Wednesday, August 29, 2012

BizMojo wants to hear from you; here are some tips for telling your story

Given the number of press releases I have seen in my lifetime, I can offer a few suggestions on how to write one that's effective.

Why am I addressing this topic? Because, in order that I may keep this blog as current and full of information as possible, I want to see press releases. Although I can whittle a pageful of words down to three, two or even one paragraph, I'd prefer what comes into my in-box to be well-written and to the point.

Here are a few tips:

Proofread your work before you send it in. I have corrected plenty of spelling and grammar mistakes, but extra care in this department means you really care about your cause or business. Go over what you’ve written a few times, and then let someone else read it. 
(Note: There are a lot of people less tolerant of this than I am.)

Don't try to load your copy with keywords. I know a lot of people are obsessed with search engine optimization, but a story loaded with verbiage is more likely to get tossed. My dad used to have a card above his Olympia typewriter that said "Omit That Fat!" Great advice for any writer. Also, you might be interested to know that Google is far more likely to reward something that reads like it was written by a literate human than something that's trying to push its buttons.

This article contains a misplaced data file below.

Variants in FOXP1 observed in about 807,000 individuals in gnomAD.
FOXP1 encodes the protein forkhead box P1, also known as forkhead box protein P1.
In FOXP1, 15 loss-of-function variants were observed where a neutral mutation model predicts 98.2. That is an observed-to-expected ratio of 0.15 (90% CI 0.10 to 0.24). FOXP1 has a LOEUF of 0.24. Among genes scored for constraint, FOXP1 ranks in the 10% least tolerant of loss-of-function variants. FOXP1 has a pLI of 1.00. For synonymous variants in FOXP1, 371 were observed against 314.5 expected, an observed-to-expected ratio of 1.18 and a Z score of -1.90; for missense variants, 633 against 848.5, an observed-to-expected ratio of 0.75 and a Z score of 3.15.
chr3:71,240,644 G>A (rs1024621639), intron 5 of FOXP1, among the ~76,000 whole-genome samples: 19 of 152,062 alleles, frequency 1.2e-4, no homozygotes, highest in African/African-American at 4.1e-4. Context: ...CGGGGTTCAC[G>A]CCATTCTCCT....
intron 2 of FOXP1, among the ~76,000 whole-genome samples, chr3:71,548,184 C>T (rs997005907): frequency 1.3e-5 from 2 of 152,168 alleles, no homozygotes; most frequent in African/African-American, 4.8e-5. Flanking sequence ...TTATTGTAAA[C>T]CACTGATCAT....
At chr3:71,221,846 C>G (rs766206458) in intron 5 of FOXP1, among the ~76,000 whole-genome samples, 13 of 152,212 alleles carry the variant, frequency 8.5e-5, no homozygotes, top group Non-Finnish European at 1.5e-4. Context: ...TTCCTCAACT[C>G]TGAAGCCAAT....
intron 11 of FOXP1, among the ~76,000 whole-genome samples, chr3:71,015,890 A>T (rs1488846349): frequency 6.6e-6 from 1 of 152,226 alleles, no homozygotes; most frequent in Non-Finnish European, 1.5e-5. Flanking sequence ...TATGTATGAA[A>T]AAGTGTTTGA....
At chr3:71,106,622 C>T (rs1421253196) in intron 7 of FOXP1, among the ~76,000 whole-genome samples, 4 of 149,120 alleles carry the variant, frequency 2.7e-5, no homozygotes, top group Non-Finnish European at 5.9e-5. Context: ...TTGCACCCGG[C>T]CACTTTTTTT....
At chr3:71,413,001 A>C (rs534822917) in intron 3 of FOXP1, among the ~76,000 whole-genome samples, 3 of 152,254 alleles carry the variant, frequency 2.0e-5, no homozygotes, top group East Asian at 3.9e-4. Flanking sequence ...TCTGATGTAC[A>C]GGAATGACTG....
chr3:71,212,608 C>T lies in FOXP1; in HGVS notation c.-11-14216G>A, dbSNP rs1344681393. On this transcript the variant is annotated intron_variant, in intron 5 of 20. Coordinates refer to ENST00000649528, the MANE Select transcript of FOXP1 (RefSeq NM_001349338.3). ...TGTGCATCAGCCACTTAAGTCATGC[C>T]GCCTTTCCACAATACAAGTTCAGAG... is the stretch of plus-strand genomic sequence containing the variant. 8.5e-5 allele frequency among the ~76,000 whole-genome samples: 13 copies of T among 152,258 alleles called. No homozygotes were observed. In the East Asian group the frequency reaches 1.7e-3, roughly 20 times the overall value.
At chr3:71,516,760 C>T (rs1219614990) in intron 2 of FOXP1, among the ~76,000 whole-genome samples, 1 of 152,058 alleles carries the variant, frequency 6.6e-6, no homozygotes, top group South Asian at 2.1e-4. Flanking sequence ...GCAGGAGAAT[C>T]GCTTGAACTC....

Keep the sales language to a minimum. Commercials and ads are designed to sell. The purpose of a press release is to inform.

Keep your quantity in check. Familiarity breeds contempt, so if you send too many releases you're going to be dismissed out of hand. If someone gets a promotion, if there's a new hire or someone receives an award, we want to know about it. If someone has done an exceptional job of keeping his desk clean, it's not news. Unless of course it's me.

Keep it newsy. Who, what, when, where and how.

Avoid jargon. When was the last time you turned to the dictionary while you were reading a paper or browsing the Web? Do you think anyone else is?

Focus on your headline. If you've got something unique to relate, make your headline reflect it.

Anything you have to send should be sent to